Hepatocyte Growth Factor Reduces Cardiac Fibrosis by Inhibiting Endothelial-Mesenchymal Transition
The purpose of this study was to investigate the effect of hepatocyte growth factor (HGF) on the pathogenesis of cardiac fibrosis induced by pressure overload in mice. Although cardiac fibrosis is attributed to excess pathological deposition of extracellular matrix components, the mechanism remains unclear. Recent reports revealed that α-smooth muscle actin–expressing myofibroblasts are primarily responsible for fibrosis. It is believed that myofibroblasts are differentiated from resident fibroblasts, whereas the transformation of vascular endothelial cells into myofibroblasts, known as endothelial-mesenchymal transition, has been suggested to be intimately associated with perivascular fibrosis. Thus, we hypothesized that HGF prevents cardiac fibrosis by blocking these pathways. We analyzed the pressure-overloaded HGF-transgenic mouse model made by transverse aortic constriction. Human coronary artery endothelial cells and human cardiac fibroblasts were examined in vitro after being treated with transforming growth factor-β1 or angiotensin II with or without HGF. The amount of cardiac fibrosis significantly decreased in pressure-overloaded HGF-transgenic mice compared with pressure-overloaded nontransgenic controls, particularly in the perivascular region. This was accompanied by a reduction in the expression levels of fibrosis-related genes and by significant preservation of echocardiographic measurements of cardiac function in the HGF-transgenic mice (P<0.05). The survival rate 2 months after transverse aortic constriction was higher by 45% (P<0.05). HGF inhibited the differentiation of human coronary artery endothelial cells into myofibroblasts induced by transforming growth factor-β1 and the phenotypic conversion of human cardiac fibroblasts into myofibroblasts. We conclude that HGF reduced cardiac fibrosis by inhibiting endothelial-mesenchymal transition and the transformation of fibroblasts into myofibroblasts.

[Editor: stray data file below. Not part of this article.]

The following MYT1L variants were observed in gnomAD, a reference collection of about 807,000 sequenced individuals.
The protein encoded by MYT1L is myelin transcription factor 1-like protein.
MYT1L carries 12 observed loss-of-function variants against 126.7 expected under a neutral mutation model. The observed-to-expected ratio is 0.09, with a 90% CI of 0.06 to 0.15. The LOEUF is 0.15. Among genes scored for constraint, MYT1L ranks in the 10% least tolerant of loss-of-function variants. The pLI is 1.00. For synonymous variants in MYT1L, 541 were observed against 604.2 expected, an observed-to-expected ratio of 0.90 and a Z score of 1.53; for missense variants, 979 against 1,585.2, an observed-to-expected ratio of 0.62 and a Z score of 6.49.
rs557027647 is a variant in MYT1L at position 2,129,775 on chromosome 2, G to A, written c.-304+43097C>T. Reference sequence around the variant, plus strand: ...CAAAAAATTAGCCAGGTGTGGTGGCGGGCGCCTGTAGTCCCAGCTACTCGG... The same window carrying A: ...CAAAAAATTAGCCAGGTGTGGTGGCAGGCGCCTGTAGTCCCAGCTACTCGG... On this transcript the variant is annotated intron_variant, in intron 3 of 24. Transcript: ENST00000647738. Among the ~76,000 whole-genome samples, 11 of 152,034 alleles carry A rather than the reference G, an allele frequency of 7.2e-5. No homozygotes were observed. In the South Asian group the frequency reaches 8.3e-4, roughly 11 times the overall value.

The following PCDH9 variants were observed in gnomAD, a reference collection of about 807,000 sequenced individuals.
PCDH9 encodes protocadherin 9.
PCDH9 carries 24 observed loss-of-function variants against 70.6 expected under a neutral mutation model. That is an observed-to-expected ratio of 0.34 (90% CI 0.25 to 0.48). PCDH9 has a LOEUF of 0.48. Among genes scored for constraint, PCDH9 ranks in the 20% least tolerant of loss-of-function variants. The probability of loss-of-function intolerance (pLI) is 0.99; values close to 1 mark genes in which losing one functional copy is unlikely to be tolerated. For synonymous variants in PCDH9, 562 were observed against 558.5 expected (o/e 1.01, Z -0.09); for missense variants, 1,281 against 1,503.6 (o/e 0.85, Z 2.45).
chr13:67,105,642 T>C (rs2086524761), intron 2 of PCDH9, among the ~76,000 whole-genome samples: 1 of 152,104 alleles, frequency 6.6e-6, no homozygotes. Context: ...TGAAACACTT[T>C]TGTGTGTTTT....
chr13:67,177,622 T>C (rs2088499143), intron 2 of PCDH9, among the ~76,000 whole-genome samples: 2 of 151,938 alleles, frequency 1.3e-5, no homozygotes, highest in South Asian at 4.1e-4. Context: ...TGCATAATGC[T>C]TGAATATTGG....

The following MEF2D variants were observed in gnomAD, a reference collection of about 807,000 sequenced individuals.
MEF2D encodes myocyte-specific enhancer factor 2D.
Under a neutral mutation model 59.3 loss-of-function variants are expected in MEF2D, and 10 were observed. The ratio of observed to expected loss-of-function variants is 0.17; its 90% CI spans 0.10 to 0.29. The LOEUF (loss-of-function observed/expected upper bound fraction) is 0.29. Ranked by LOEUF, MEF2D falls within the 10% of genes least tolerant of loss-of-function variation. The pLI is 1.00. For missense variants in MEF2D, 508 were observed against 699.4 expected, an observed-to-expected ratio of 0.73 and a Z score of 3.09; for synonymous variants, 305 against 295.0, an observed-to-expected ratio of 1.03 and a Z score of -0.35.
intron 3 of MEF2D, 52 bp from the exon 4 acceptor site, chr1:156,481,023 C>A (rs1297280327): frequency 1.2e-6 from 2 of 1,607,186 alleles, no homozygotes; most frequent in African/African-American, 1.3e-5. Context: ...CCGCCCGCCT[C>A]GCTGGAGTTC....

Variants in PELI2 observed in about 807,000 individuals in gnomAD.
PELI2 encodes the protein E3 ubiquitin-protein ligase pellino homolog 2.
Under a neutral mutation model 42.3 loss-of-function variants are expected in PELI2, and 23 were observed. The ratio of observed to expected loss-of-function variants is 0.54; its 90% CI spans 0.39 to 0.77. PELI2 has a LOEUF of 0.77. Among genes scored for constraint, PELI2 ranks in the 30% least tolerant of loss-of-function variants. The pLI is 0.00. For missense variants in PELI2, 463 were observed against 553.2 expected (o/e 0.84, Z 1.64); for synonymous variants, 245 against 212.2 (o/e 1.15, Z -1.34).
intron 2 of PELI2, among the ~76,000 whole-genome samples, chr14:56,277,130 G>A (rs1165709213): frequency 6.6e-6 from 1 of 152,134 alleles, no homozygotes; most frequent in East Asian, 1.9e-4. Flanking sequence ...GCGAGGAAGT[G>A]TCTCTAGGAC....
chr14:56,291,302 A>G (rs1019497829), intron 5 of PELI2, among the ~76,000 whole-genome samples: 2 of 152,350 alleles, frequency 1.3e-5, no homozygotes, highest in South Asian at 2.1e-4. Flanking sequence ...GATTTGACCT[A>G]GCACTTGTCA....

- Received September 26, 2011.
- Revision received February 14, 2012.
- Accepted October 16, 2012.
- © 2012 American Heart Association, Inc.